I don’t think that Hines’ pride will allow him to accept not being used on obvious passing downs. But we shall see. Eventually, the Steelers are going to have to make that decision.

  4. Justin,
    I was afraid that was going to happen. I barely mentioned Troy, yet you focused on him more than you focused on the issue at hand, which is Hines Ward.

    Experience has taught me that Steelers fans don’t react well to any negative comments about Troy Polamalu, regardless of how minor the remark. You just proved that point. But I have to ask you, do you think Troy is closer to the beginning of his career, or the end of his career? Think about Troy’s injury history. Then think about the way he throws his body around. Do you remember the concussion-like symptoms that he had after the Jaguars game? Do you seriously think he’s going to be able to throw his body around like that at 35 or 36 years old?

    I love Troy, and I’d love to see him play forever. But I’m realistic enough to know that that just isn’t going to happen. Troy’s probably got 3-4 years left in him. Eventually, we’re all gonna have to face the inevitability of his aging and decline.

  5. Hines has been there for the Steelers win or loose. He may be getting some age to him but he can still move on the field. Sure these young players can move alot faster but also get more injurys. Age is just a number, if the older players are not doing harm to the team then leave them be. I’m sure the time will come when each man on the team will know when it’s time to set on the side lines. I am a Steelers fan from way back, and seen the best leave.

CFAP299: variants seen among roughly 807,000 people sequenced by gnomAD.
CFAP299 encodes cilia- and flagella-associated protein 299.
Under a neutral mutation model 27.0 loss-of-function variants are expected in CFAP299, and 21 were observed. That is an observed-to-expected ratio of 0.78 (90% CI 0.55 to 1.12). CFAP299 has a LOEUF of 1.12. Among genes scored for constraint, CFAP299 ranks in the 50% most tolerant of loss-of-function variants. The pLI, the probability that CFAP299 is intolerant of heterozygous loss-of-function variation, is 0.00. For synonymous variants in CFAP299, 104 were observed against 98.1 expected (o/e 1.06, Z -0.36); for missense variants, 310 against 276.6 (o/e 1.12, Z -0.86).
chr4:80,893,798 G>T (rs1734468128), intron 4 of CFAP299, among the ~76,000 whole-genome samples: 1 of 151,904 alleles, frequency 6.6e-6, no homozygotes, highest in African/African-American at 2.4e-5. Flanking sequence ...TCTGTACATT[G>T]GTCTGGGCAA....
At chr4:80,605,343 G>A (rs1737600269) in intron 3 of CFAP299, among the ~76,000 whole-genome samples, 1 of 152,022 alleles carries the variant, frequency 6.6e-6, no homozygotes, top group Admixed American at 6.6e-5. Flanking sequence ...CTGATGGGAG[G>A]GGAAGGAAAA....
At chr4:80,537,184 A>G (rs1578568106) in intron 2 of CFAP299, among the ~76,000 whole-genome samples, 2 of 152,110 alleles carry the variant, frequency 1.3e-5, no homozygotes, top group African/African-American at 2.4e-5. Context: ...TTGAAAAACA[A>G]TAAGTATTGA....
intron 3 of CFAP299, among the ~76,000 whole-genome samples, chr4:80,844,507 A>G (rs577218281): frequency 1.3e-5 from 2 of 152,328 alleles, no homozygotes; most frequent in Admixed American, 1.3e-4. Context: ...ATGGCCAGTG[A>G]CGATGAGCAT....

6. Thanks for reminding us of our own mortality! Seriously, very well written, and a good point. I still want Hines in on the goal line, though, and not just ’cause of that awesome leaping TD. Speed doesn’t do you a lot of good on a 15yd field. It’s precision and toughness that makes the passing game work in the redzone, which Hines has in spades. He has the veteran savvy and the timing with Ben to still be our most productive receiver in the redzone.

    And you’re right about Troy, unless they perhaps convert him to a deep ballhawking safety like Ed Reed (the glorified punt returner).

  7. Matthew,
    I knew I could count on you to come through with a great insight.

    I completely agree with you on the redzone point. Speed isn’t as important in a tight field. Veteran savvy and good hands become much more important, and Hines has both.

    In the redzone, I’d much rather see Ben throwing to Hines Ward or Heath Miller. I know that they have the highest probability of holding onto the ball.

  8. Ann,
    You said “Age is just a number, if the older players are not doing harm to the team then leave them be”.

    I understand the sentiment, but I disagree with it.

    Jerome Bettis wasn’t “doing harm to the team”, but Willie Parker was better (so was Duce Staley).

    Aaron Smith may not be doing harm to the team, but Ziggy Hood is better.

    Joey Porter may not have been doing harm to the team, but James Harrison was better.

    Larry Foote wasn’t doing harm to the team, but Lawrence Timmons was better.

    For most situations during the game, Antonio Brown is turning into a better option than Hines Ward. I hate saying that, because I love Hines Ward, but it’s still true.

  9. For the person who thinks Duce Staley was better… why did Bettis take his starting role over again and not look back… Duce wasn’t ever better than the Bus… even when he started over him… Parker was better though, I will give you that.

  10. I agree about all of the other assessments though… but Duce was definitely not better than the Bus at that time in both of their careers… as evidenced by him getting injured and never heard from again…

  11. Oh… and totally true about Brown and Sanders being better receiving options though… obviously you lose something in the blocking department though.

  12. Steve,
    I don’t want this to become a discussion about Jerome Bettis, but you may remember that Duce Staley was leading the NFL in rushing before getting hurt. He was better than Bettis. Not for his career, but at that point in time.

  13. Shoot Im a die hard Steelers fan and I’m with just I think Troy has at least 5 more years in him maybe even more. It is goons suck to
    See Hines go I hope he plays another year and retires as a Steeler I don’t want him to get traded just for more playing time cause he is at the end of his career.